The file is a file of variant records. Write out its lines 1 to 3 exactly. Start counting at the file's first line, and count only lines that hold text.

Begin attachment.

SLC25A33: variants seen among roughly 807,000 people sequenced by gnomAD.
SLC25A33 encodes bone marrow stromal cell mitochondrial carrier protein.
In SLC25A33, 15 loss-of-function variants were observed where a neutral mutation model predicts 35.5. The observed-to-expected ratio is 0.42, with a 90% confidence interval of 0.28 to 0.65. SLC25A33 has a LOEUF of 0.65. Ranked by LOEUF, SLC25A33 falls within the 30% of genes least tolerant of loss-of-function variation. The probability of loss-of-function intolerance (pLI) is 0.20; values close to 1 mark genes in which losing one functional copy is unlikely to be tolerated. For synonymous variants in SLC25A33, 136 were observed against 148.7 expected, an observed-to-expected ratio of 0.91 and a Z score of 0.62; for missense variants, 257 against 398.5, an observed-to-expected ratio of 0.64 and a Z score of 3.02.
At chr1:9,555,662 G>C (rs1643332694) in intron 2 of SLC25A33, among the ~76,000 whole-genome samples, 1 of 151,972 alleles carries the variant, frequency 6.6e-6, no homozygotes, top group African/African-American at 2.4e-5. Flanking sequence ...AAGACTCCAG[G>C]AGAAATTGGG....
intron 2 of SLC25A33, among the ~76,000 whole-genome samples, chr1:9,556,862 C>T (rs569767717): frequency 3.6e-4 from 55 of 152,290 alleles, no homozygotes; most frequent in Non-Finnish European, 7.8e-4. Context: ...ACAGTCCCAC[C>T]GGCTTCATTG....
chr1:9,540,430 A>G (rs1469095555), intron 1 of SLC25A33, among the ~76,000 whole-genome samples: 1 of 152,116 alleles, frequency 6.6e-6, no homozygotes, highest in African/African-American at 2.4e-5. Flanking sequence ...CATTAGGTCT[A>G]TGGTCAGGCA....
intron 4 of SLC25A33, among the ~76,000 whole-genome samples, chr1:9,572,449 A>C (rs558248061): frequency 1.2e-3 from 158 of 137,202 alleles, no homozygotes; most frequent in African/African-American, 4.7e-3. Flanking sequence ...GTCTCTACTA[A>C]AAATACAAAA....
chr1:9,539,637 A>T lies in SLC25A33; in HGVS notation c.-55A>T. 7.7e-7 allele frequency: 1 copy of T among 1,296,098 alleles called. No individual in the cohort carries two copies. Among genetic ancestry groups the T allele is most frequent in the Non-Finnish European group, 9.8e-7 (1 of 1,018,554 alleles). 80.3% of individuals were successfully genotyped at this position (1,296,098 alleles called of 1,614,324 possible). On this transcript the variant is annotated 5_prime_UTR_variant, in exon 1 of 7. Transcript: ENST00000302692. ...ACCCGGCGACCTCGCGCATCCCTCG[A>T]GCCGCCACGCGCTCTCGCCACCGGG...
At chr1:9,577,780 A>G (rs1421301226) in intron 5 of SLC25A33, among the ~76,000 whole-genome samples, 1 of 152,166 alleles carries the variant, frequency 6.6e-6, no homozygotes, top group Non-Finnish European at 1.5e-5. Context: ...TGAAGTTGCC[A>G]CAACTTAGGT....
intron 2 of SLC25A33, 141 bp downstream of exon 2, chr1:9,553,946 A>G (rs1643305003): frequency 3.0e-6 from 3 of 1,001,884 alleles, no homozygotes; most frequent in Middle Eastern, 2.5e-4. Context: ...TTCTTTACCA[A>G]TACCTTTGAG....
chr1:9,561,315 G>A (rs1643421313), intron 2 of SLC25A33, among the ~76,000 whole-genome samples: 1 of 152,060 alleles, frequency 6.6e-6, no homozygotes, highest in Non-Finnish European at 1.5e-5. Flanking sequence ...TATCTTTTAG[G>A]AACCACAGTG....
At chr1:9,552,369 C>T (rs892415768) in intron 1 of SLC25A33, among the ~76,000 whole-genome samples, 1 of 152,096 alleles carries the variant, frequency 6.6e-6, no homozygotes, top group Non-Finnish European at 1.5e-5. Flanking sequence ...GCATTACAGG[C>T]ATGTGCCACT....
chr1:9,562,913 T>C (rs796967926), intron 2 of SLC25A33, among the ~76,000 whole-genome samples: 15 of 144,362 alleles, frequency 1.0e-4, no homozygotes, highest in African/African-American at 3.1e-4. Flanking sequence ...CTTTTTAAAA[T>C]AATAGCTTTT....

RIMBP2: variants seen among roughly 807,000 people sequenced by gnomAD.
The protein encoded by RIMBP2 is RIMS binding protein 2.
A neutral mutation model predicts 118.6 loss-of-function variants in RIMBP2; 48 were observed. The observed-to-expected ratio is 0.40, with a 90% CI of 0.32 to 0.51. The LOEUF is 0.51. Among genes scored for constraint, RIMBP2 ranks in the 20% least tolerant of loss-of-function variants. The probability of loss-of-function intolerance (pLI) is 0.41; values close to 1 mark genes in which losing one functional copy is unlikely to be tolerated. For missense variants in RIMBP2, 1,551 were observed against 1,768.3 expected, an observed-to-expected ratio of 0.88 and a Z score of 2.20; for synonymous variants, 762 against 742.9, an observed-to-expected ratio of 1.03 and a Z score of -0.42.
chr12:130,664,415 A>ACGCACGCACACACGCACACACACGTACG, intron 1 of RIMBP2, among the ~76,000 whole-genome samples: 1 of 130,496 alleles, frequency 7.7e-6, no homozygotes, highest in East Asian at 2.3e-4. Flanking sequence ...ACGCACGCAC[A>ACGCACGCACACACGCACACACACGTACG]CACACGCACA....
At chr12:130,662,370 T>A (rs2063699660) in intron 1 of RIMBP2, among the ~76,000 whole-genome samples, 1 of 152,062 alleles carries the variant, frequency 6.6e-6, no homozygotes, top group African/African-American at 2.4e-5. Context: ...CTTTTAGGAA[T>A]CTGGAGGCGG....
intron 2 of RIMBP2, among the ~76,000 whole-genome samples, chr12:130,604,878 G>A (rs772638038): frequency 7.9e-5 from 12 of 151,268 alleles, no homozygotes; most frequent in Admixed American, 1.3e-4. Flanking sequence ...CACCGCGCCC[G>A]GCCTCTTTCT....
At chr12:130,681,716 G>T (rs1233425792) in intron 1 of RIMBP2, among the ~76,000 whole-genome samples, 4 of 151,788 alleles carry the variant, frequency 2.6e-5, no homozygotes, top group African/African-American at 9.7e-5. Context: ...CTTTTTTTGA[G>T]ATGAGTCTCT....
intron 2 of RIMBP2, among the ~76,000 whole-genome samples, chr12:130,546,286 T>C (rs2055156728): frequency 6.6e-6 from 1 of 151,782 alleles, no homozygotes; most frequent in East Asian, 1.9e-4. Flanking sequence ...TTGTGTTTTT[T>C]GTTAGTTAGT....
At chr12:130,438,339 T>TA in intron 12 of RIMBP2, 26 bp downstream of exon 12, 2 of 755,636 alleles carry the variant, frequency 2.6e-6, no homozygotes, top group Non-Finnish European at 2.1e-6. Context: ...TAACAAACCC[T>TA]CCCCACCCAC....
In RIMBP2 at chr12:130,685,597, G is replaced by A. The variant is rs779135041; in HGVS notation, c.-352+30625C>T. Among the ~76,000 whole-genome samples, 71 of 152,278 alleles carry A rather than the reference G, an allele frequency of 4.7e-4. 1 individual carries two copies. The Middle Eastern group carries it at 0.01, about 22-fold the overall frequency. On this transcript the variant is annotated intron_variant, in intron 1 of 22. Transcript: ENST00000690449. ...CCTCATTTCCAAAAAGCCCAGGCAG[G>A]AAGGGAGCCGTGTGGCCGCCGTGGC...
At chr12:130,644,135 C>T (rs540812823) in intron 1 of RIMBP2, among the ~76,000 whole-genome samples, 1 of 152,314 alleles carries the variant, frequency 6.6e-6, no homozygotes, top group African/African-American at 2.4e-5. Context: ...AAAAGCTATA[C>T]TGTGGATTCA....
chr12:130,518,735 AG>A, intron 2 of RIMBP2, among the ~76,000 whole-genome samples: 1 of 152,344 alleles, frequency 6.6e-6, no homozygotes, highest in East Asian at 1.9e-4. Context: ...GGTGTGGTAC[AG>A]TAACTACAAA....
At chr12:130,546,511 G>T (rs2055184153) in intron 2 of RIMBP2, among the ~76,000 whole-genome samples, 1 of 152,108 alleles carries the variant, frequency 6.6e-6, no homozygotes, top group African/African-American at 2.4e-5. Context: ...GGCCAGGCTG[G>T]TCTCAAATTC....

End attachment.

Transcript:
SLC25A33: variants seen among roughly 807,000 people sequenced by gnomAD.
SLC25A33 encodes bone marrow stromal cell mitochondrial carrier protein.
In SLC25A33, 15 loss-of-function variants were observed where a neutral mutation model predicts 35.5. The observed-to-expected ratio is 0.42, with a 90% confidence interval of 0.28 to 0.65. SLC25A33 has a LOEUF of 0.65. Ranked by LOEUF, SLC25A33 falls within the 30% of genes least tolerant of loss-of-function variation. The probability of loss-of-function intolerance (pLI) is 0.20; values close to 1 mark genes in which losing one functional copy is unlikely to be tolerated. For synonymous variants in SLC25A33, 136 were observed against 148.7 expected, an observed-to-expected ratio of 0.91 and a Z score of 0.62; for missense variants, 257 against 398.5, an observed-to-expected ratio of 0.64 and a Z score of 3.02.